Tastes like fat, looks like fat, but it’s not fat! A dieter’s dream? Read on. The newest fake fat (e.g., olestra) is so fake that the body rejects it, even though the mouth seems to get the pleasure of fat. This fat substitute is made by joining together molecules of vegetable oil and sugar into a compound with molecules so big that they are not absorbed through the intestines and into the bloodstream. So far, so good. You get the taste of fat without the calories. Sound like a good deal? Wrong! Since this fake fat can’t get into the blood, it has to get out of the body somehow, so it makes its greasy way through the intestines, taking along some of the fat-soluble vitamins (vitamins A,D,E, and K) and other nutrients that depend upon fat for absorption, such as carotenoids. These nutrients that should have gotten into the body, go out with the waste. So, even though the fat you may not want is not absorbed, some of the nutrients in the foods you do want are not absorbed either.
“No problem” say the food chemists “we’ll just add more of the nutrients you lose into the food you eat.” Beginning in May of 1998 the FDA requires snack food packagers to put the following warning (in small print on the back of the package, of course). “This product contains olestra. Olestra may cause abdominal cramping or loose stools. Olestra inhibits the absorption of some vitamins and other nutrients. Vitamins A,D, E and K have been added.”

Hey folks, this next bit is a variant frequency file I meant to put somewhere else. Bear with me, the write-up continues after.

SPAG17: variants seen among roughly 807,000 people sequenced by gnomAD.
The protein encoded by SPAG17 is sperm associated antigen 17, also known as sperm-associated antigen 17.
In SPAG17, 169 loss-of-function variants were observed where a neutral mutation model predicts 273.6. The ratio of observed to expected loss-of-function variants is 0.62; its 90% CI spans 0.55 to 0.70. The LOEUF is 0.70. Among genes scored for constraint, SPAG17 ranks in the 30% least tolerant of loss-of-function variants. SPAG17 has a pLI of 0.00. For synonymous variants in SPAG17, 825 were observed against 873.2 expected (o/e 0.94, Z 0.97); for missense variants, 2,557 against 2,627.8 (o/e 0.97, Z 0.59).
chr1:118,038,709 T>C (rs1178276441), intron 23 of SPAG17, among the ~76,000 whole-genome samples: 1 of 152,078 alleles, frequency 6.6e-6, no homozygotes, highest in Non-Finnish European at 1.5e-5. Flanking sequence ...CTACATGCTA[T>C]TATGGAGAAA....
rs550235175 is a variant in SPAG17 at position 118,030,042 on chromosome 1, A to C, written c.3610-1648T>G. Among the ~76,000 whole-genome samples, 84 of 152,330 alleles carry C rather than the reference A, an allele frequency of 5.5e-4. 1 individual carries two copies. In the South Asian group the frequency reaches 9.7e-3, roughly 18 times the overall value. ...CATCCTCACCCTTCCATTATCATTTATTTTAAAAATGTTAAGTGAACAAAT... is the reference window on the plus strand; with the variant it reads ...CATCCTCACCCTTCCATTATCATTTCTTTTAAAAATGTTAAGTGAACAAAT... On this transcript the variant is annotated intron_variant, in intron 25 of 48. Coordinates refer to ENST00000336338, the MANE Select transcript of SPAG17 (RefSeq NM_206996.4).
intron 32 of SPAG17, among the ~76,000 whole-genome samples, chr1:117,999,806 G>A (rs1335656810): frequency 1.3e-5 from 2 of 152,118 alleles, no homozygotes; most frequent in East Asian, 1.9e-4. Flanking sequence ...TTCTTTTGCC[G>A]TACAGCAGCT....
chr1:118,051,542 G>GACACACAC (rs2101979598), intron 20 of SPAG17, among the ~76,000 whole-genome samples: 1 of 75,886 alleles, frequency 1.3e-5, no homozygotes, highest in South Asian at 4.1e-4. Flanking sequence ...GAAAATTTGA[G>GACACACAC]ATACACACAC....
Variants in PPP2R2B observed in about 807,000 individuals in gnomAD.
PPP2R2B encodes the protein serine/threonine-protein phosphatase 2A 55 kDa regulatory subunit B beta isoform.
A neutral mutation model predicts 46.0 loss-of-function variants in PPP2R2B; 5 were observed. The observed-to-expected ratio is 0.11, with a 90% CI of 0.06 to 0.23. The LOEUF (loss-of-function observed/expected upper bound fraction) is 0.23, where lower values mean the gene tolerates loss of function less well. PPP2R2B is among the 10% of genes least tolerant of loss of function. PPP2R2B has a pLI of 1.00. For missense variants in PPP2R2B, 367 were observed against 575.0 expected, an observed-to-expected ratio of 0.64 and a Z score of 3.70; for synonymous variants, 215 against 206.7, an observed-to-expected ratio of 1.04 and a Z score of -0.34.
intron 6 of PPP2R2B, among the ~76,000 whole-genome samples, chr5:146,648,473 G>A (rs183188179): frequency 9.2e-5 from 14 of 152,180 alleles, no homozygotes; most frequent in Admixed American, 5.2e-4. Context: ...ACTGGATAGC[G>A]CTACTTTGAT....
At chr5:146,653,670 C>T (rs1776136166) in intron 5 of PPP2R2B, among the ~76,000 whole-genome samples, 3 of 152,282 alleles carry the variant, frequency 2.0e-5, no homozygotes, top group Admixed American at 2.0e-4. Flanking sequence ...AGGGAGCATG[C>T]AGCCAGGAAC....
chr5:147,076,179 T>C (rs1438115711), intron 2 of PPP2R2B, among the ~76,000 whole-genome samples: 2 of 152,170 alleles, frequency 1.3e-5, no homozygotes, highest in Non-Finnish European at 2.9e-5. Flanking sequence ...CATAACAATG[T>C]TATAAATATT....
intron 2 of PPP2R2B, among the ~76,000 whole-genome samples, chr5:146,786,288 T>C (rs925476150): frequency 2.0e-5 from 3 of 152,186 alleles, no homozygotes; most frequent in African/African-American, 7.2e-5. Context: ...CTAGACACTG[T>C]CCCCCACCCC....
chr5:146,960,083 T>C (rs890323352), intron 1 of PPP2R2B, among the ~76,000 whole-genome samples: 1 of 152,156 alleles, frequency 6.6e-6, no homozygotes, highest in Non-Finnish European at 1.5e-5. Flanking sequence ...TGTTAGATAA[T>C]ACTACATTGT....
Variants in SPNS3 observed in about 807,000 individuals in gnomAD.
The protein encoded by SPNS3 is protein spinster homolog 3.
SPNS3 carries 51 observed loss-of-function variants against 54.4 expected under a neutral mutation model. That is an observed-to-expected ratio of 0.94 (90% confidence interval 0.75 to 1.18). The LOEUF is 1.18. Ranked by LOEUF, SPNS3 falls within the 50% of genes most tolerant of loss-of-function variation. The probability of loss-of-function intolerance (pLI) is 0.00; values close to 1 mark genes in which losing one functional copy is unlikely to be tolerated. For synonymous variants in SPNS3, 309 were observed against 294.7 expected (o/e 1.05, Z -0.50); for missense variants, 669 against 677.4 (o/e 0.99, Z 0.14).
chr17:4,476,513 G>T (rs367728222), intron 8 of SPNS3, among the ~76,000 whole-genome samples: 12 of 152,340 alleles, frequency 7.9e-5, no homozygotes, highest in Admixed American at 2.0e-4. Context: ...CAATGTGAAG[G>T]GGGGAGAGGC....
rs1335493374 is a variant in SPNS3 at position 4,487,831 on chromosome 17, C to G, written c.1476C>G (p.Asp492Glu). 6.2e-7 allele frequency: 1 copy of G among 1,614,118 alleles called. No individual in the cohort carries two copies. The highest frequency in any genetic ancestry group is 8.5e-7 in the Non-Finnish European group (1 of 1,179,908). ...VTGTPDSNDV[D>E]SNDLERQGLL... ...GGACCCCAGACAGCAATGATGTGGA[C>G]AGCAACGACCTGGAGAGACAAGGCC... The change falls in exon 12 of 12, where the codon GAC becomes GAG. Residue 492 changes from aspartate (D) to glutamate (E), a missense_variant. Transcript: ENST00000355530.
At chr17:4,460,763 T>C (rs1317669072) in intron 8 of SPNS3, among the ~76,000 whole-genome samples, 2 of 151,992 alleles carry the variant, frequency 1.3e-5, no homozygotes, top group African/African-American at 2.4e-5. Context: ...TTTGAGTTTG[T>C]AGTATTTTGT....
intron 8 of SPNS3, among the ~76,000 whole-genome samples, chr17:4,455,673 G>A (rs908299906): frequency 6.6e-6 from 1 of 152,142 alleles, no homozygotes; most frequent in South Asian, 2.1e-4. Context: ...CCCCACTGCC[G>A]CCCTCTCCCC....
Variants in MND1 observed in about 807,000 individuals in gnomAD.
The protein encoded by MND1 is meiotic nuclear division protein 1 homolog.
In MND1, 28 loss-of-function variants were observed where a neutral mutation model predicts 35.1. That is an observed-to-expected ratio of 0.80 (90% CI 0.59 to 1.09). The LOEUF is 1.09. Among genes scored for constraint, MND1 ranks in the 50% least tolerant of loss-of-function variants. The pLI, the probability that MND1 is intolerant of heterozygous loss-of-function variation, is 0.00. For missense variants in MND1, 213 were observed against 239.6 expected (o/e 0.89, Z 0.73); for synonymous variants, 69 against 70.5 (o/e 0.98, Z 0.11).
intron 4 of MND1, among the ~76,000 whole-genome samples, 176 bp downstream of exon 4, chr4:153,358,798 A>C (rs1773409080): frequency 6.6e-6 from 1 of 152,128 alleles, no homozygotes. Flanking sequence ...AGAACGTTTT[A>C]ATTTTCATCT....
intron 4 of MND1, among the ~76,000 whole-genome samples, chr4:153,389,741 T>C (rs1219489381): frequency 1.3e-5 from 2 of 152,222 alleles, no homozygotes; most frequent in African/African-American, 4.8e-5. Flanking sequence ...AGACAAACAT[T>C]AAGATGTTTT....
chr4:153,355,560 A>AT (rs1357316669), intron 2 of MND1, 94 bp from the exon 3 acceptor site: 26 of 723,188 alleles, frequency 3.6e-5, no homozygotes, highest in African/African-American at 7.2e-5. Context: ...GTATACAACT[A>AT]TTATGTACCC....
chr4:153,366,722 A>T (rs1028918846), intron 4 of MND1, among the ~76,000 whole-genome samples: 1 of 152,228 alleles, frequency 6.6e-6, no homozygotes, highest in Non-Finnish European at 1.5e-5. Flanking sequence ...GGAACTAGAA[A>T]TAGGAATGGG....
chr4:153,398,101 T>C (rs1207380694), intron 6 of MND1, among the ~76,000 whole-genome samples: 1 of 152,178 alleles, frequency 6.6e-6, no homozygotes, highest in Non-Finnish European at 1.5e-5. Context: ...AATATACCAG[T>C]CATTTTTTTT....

So to a bag of potato chips the manufacturer of olestra must add 3,400 IU of vitamin K, 240 IU of vitamin D, 56 IU of vitamin E, and 160 mcg of vitamin K. (This is beginning to sound like the “enriched” white bread story.) The problem with decreased absorption of carotenoids (plant phytonutrients that fight against cancer, heart disease, and may contribute to better vision) also seems to have been discounted.
Besides causing bloating, diarrhea, and cramping abdominal pain in some people, these synthetic fats allow people to simply change brands without changing their eating habits. They believe they can eat more fat without guilt, which further contributes to the development of a “fat tooth”-the need to taste fat in order for the food to be satisfying. Another heavy fact is these synthetic subs encourage eaters to overdose on fat-filled foods that have no nutritional value. In a study reported in Pediatrics, the official journal of the American Academy of Pediatrics, children ate more food when olestra was substituted for ordinary dietary fat. The potato chips contain half as much fat, so you may feel you have the license to eat twice as many. But our advice is don’t be a guinea pig. Wait a while to see the long-term health risks of this new experiment.